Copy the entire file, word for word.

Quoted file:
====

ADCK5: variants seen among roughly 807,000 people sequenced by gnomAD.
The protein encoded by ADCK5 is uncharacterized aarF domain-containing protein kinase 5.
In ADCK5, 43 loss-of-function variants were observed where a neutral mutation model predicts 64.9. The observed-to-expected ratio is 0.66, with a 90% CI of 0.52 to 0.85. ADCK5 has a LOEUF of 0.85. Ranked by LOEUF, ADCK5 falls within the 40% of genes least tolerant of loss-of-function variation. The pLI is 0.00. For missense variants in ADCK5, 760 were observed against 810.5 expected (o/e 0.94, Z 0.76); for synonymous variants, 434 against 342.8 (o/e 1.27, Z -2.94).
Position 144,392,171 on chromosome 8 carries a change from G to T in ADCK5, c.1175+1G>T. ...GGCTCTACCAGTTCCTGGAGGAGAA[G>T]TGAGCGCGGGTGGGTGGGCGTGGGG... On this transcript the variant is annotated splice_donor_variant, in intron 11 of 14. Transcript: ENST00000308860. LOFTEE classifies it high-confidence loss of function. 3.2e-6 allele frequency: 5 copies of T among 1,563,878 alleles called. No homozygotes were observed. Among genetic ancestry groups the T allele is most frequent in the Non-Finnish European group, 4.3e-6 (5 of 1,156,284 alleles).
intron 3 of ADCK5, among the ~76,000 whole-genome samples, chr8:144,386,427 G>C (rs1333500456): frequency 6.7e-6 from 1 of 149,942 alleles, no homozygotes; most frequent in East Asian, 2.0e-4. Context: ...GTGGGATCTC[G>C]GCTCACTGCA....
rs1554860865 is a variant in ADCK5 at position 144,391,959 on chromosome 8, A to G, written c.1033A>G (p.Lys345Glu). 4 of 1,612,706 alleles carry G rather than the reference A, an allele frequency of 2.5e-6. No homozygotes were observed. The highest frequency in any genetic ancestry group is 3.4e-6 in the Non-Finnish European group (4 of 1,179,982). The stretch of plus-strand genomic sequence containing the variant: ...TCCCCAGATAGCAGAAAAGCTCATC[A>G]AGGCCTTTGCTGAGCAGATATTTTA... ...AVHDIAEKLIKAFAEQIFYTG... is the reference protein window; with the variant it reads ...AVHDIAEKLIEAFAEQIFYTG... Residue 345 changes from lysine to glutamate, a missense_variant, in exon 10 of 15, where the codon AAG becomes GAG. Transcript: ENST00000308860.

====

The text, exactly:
ADCK5: variants seen among roughly 807,000 people sequenced by gnomAD.
The protein encoded by ADCK5 is uncharacterized aarF domain-containing protein kinase 5.
In ADCK5, 43 loss-of-function variants were observed where a neutral mutation model predicts 64.9. The observed-to-expected ratio is 0.66, with a 90% CI of 0.52 to 0.85. ADCK5 has a LOEUF of 0.85. Ranked by LOEUF, ADCK5 falls within the 40% of genes least tolerant of loss-of-function variation. The pLI is 0.00. For missense variants in ADCK5, 760 were observed against 810.5 expected (o/e 0.94, Z 0.76); for synonymous variants, 434 against 342.8 (o/e 1.27, Z -2.94).
Position 144,392,171 on chromosome 8 carries a change from G to T in ADCK5, c.1175+1G>T. ...GGCTCTACCAGTTCCTGGAGGAGAA[G>T]TGAGCGCGGGTGGGTGGGCGTGGGG... On this transcript the variant is annotated splice_donor_variant, in intron 11 of 14. Transcript: ENST00000308860. LOFTEE classifies it high-confidence loss of function. 3.2e-6 allele frequency: 5 copies of T among 1,563,878 alleles called. No homozygotes were observed. Among genetic ancestry groups the T allele is most frequent in the Non-Finnish European group, 4.3e-6 (5 of 1,156,284 alleles).
intron 3 of ADCK5, among the ~76,000 whole-genome samples, chr8:144,386,427 G>C (rs1333500456): frequency 6.7e-6 from 1 of 149,942 alleles, no homozygotes; most frequent in East Asian, 2.0e-4. Context: ...GTGGGATCTC[G>C]GCTCACTGCA....
rs1554860865 is a variant in ADCK5 at position 144,391,959 on chromosome 8, A to G, written c.1033A>G (p.Lys345Glu). 4 of 1,612,706 alleles carry G rather than the reference A, an allele frequency of 2.5e-6. No homozygotes were observed. The highest frequency in any genetic ancestry group is 3.4e-6 in the Non-Finnish European group (4 of 1,179,982). The stretch of plus-strand genomic sequence containing the variant: ...TCCCCAGATAGCAGAAAAGCTCATC[A>G]AGGCCTTTGCTGAGCAGATATTTTA... ...AVHDIAEKLIKAFAEQIFYTG... is the reference protein window; with the variant it reads ...AVHDIAEKLIEAFAEQIFYTG... Residue 345 changes from lysine to glutamate, a missense_variant, in exon 10 of 15, where the codon AAG becomes GAG. Transcript: ENST00000308860.